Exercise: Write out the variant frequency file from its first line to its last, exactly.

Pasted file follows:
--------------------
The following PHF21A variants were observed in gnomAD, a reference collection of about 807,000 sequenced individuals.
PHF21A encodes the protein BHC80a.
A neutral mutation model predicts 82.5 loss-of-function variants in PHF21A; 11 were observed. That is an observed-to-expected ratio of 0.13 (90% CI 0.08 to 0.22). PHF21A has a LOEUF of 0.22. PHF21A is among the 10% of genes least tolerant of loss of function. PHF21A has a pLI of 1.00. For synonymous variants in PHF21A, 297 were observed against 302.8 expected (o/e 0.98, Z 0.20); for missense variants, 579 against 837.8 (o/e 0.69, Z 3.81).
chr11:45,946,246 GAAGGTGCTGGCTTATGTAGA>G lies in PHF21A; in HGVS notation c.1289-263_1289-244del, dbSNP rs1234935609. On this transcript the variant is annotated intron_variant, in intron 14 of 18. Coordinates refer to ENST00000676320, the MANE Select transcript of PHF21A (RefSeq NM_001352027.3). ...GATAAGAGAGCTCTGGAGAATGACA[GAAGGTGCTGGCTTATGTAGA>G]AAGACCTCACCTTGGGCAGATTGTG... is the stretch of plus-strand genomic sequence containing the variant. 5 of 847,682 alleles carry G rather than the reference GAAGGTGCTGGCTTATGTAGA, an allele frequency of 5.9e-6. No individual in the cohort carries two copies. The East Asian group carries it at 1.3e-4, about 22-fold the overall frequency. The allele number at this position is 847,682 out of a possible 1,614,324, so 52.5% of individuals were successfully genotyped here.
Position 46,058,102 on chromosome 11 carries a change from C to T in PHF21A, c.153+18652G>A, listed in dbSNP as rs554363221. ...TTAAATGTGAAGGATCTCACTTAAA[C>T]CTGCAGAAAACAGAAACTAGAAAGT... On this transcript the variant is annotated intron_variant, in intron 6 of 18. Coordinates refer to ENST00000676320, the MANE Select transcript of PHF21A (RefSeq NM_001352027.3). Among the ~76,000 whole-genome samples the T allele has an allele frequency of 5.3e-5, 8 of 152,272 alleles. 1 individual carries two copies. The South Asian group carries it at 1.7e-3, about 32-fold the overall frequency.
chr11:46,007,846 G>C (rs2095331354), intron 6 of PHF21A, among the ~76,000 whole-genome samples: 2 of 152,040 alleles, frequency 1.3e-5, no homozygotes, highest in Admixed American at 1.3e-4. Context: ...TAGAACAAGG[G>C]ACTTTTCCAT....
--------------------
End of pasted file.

The following PHF21A variants were observed in gnomAD, a reference collection of about 807,000 sequenced individuals.
PHF21A encodes the protein BHC80a.
A neutral mutation model predicts 82.5 loss-of-function variants in PHF21A; 11 were observed. That is an observed-to-expected ratio of 0.13 (90% CI 0.08 to 0.22). PHF21A has a LOEUF of 0.22. PHF21A is among the 10% of genes least tolerant of loss of function. PHF21A has a pLI of 1.00. For synonymous variants in PHF21A, 297 were observed against 302.8 expected (o/e 0.98, Z 0.20); for missense variants, 579 against 837.8 (o/e 0.69, Z 3.81).
chr11:45,946,246 GAAGGTGCTGGCTTATGTAGA>G lies in PHF21A; in HGVS notation c.1289-263_1289-244del, dbSNP rs1234935609. On this transcript the variant is annotated intron_variant, in intron 14 of 18. Coordinates refer to ENST00000676320, the MANE Select transcript of PHF21A (RefSeq NM_001352027.3). ...GATAAGAGAGCTCTGGAGAATGACA[GAAGGTGCTGGCTTATGTAGA>G]AAGACCTCACCTTGGGCAGATTGTG... is the stretch of plus-strand genomic sequence containing the variant. 5 of 847,682 alleles carry G rather than the reference GAAGGTGCTGGCTTATGTAGA, an allele frequency of 5.9e-6. No individual in the cohort carries two copies. The East Asian group carries it at 1.3e-4, about 22-fold the overall frequency. The allele number at this position is 847,682 out of a possible 1,614,324, so 52.5% of individuals were successfully genotyped here.
Position 46,058,102 on chromosome 11 carries a change from C to T in PHF21A, c.153+18652G>A, listed in dbSNP as rs554363221. ...TTAAATGTGAAGGATCTCACTTAAA[C>T]CTGCAGAAAACAGAAACTAGAAAGT... On this transcript the variant is annotated intron_variant, in intron 6 of 18. Coordinates refer to ENST00000676320, the MANE Select transcript of PHF21A (RefSeq NM_001352027.3). Among the ~76,000 whole-genome samples the T allele has an allele frequency of 5.3e-5, 8 of 152,272 alleles. 1 individual carries two copies. The South Asian group carries it at 1.7e-3, about 32-fold the overall frequency.
chr11:46,007,846 G>C (rs2095331354), intron 6 of PHF21A, among the ~76,000 whole-genome samples: 2 of 152,040 alleles, frequency 1.3e-5, no homozygotes, highest in Admixed American at 1.3e-4. Context: ...TAGAACAAGG[G>C]ACTTTTCCAT....